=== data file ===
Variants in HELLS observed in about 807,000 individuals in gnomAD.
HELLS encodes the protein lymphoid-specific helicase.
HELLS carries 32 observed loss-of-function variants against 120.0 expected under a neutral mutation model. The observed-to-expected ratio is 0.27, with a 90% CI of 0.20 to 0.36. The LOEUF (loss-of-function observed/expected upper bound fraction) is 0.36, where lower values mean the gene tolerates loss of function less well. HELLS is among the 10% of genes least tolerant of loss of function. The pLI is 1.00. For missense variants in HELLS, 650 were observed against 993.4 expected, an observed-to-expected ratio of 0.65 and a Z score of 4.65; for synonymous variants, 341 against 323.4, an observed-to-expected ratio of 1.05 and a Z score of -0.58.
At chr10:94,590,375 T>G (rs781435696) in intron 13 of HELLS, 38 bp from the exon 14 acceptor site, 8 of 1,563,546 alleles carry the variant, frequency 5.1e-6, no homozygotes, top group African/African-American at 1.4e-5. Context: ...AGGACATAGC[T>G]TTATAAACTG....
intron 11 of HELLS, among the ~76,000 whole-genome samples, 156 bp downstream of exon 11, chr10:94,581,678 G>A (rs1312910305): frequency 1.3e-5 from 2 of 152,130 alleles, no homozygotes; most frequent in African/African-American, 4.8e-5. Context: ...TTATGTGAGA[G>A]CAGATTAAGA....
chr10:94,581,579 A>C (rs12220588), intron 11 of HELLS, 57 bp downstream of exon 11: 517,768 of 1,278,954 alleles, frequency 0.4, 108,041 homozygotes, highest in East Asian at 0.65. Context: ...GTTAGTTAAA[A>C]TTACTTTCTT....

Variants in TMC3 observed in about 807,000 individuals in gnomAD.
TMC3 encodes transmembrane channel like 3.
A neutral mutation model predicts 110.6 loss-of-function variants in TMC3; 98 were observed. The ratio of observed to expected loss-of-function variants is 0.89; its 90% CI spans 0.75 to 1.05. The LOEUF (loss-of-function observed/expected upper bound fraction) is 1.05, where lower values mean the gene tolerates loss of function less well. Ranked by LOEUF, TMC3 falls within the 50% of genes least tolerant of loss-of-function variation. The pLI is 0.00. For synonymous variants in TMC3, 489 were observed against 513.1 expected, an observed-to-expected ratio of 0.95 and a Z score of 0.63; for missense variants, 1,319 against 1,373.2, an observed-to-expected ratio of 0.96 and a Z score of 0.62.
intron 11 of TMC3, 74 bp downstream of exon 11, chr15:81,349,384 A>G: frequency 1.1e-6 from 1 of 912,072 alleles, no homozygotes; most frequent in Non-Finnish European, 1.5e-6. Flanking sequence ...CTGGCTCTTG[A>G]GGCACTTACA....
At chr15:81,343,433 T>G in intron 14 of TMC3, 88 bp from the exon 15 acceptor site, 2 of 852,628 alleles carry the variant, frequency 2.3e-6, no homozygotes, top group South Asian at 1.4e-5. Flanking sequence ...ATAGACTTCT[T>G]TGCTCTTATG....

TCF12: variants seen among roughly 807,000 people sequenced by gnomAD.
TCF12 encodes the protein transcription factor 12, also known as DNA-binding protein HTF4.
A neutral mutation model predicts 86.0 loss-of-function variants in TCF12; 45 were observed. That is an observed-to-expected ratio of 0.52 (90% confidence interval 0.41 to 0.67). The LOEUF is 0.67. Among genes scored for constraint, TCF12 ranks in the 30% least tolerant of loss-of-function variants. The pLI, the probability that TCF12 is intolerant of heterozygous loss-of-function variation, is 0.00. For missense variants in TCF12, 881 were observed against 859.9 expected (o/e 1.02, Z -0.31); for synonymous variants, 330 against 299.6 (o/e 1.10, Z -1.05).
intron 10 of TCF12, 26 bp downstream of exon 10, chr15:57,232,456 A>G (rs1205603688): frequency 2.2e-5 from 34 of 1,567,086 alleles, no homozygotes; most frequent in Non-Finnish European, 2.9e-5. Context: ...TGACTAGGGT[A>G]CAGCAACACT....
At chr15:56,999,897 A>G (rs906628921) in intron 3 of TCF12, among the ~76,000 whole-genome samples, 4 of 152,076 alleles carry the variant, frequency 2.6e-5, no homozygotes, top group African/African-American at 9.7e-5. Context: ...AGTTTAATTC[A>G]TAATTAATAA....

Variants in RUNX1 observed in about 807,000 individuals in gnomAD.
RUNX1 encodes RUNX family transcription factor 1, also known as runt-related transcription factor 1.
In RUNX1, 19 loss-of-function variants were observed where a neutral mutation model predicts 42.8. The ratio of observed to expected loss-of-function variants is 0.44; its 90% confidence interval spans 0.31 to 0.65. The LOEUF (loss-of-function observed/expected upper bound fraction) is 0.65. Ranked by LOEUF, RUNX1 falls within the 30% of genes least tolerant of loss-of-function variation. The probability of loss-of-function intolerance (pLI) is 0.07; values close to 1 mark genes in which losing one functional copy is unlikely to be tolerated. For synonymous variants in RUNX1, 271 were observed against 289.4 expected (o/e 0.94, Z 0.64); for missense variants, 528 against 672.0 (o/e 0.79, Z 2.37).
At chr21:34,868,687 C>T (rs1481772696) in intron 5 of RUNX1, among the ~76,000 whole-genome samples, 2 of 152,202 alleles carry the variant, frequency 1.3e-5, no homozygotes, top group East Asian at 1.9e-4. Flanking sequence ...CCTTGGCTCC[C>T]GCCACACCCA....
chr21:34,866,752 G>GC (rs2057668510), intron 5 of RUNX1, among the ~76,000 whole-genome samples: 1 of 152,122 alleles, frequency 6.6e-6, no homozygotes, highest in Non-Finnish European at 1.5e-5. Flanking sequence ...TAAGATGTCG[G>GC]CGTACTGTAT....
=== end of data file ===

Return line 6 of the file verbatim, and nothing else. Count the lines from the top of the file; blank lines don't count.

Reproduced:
chr10:94,581,579 A>C (rs12220588), intron 11 of HELLS, 57 bp downstream of exon 11: 517,768 of 1,278,954 alleles, frequency 0.4, 108,041 homozygotes, highest in East Asian at 0.65. Context: ...GTTAGTTAAA[A>C]TTACTTTCTT....